Denbigh 7 (Dinbych Saith) was the telephone number of the North Wales Hospital. The buildings may now be crumbling, but this institution was pivotal to the health, economy, culture and society of the town, the county and indeed the whole of north Wales. The exhibition was commissioned by the National Eisteddfod of Wales, and was undertaken in collaboration with Eilir Jones, actor, writer and former nurse at the hospital.
Where to start when asked to respond to something as vast, as moving, as significant to so many as the North Wales Hospital? The task initially appeared impossible. There are undoubtedly many things to talk about – the hospital’s origins, in terms of both its physicality and in terms of it meeting a need; the patients; the ‘treatments’, for better or worse; the staff; the nature of the interaction between the hospital and the town; the closure and the state that it’s currently in. These are the easy and obvious things to talk about. But even so, what then? A lifetime could be spent researching each area, each patient, each story about each patient. And further lifetimes could be spent responding to each of those. An infinity of responses to an infinity of source material. After this glimpse down the bottomless pit, three things became clear:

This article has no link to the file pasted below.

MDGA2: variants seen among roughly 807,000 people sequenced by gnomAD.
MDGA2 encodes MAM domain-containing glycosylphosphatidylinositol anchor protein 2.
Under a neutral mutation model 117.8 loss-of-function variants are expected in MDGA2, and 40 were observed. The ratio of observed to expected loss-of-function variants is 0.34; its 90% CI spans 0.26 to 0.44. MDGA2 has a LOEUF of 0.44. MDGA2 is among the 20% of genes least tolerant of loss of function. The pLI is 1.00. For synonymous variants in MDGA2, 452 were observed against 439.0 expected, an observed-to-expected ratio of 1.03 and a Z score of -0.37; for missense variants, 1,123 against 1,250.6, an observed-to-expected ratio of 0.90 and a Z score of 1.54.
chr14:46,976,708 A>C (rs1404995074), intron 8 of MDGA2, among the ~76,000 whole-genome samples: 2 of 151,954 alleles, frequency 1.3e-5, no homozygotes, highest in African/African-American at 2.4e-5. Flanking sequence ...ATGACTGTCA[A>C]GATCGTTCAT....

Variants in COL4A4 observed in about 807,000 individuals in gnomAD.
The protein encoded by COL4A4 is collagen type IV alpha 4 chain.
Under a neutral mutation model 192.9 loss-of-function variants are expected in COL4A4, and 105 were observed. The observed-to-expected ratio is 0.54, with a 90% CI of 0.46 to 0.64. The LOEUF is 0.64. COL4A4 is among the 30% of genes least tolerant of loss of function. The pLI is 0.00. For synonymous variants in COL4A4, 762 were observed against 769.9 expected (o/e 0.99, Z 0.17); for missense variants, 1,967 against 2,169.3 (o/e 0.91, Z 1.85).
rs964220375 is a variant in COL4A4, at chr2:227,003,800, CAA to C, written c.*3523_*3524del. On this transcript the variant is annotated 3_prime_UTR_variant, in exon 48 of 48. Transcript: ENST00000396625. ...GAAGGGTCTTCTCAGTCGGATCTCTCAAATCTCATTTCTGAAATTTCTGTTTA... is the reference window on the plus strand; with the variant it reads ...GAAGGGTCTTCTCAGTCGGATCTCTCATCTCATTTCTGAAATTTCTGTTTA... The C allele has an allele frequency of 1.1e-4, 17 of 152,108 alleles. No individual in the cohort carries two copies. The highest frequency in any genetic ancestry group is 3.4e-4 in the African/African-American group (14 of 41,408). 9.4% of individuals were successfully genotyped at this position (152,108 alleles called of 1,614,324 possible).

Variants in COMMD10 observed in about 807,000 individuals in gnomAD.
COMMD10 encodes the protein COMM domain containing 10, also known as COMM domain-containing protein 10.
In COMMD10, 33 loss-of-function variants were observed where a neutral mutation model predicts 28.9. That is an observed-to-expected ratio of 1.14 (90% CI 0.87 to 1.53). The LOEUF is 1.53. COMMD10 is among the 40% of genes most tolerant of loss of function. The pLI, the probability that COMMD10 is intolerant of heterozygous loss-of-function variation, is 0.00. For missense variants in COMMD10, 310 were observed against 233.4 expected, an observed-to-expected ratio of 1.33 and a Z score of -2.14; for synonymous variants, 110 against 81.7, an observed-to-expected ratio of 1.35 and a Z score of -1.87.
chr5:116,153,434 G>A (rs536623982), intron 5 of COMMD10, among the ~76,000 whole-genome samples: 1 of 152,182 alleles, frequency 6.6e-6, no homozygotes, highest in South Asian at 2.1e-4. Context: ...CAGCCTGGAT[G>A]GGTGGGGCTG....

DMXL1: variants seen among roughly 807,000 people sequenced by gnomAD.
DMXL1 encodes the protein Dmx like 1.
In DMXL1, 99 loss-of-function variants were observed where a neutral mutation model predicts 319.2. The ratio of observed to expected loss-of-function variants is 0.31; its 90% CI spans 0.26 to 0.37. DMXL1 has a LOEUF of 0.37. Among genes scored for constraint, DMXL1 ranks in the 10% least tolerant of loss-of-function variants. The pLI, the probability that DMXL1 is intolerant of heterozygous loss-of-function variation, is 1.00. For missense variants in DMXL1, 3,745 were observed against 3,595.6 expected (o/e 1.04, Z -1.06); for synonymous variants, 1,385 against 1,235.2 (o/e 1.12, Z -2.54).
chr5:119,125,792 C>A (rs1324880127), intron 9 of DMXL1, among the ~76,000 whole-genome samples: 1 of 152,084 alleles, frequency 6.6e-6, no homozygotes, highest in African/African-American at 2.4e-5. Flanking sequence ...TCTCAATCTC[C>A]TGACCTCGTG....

1. We cannot be comprehensive
2. We need not be comprehensive
3. This is not a museum exhibition
Before the hospital was commissioned, Welsh-speakers with all manner of mental health issues were packed off to English-speaking institutions, where they were further marginalised as a result of the impassable language barrier. How to make art out of this?
Nurses were often recruited solely based on their musical skills. How to make art out of this?
Young women – no, girls – were hospitalised, institutionalised, for becoming pregnant out of wedlock. How to make art out of this?
A standard interview question for new staff was how to cook cabbage. How to make art out of this?
When patients died, surviving family members were given the option to claim the body and arrange burial. Patients that were not claimed, for whatever reason, were buried up to six deep in an unmarked section of the Ystrad Road cemetery. How to make art out of this?